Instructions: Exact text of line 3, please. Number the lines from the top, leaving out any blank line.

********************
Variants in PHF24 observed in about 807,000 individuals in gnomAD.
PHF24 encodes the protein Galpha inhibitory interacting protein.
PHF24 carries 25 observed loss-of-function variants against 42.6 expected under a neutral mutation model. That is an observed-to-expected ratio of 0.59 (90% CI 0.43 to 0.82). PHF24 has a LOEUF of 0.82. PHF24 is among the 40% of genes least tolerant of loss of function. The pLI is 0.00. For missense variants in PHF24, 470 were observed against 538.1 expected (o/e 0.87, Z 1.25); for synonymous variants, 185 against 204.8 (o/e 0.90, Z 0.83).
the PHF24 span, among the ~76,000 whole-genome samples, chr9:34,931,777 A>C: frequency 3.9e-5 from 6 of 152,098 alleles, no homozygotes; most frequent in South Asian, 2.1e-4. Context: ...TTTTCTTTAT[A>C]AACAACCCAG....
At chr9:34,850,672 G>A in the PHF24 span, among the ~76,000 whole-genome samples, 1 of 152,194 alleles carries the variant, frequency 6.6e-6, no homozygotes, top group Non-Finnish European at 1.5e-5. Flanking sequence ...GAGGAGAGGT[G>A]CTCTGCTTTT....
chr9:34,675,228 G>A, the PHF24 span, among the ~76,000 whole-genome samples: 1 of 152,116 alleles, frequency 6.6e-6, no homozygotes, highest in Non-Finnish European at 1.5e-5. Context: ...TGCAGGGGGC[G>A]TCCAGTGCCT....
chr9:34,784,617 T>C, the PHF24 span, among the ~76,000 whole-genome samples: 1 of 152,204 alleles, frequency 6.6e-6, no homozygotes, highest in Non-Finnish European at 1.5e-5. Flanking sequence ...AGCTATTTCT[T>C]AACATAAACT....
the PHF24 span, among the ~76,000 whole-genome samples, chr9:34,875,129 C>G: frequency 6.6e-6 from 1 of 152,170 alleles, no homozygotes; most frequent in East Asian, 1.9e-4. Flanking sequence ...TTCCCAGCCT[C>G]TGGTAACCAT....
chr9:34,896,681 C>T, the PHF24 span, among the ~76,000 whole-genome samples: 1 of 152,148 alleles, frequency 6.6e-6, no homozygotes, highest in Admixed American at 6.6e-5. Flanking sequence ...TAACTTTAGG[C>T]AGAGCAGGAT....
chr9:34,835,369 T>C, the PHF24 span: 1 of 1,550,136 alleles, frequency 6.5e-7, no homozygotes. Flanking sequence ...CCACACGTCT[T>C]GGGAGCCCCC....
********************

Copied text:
PHF24 carries 25 observed loss-of-function variants against 42.6 expected under a neutral mutation model. That is an observed-to-expected ratio of 0.59 (90% CI 0.43 to 0.82). PHF24 has a LOEUF of 0.82. PHF24 is among the 40% of genes least tolerant of loss of function. The pLI is 0.00. For missense variants in PHF24, 470 were observed against 538.1 expected (o/e 0.87, Z 1.25); for synonymous variants, 185 against 204.8 (o/e 0.90, Z 0.83).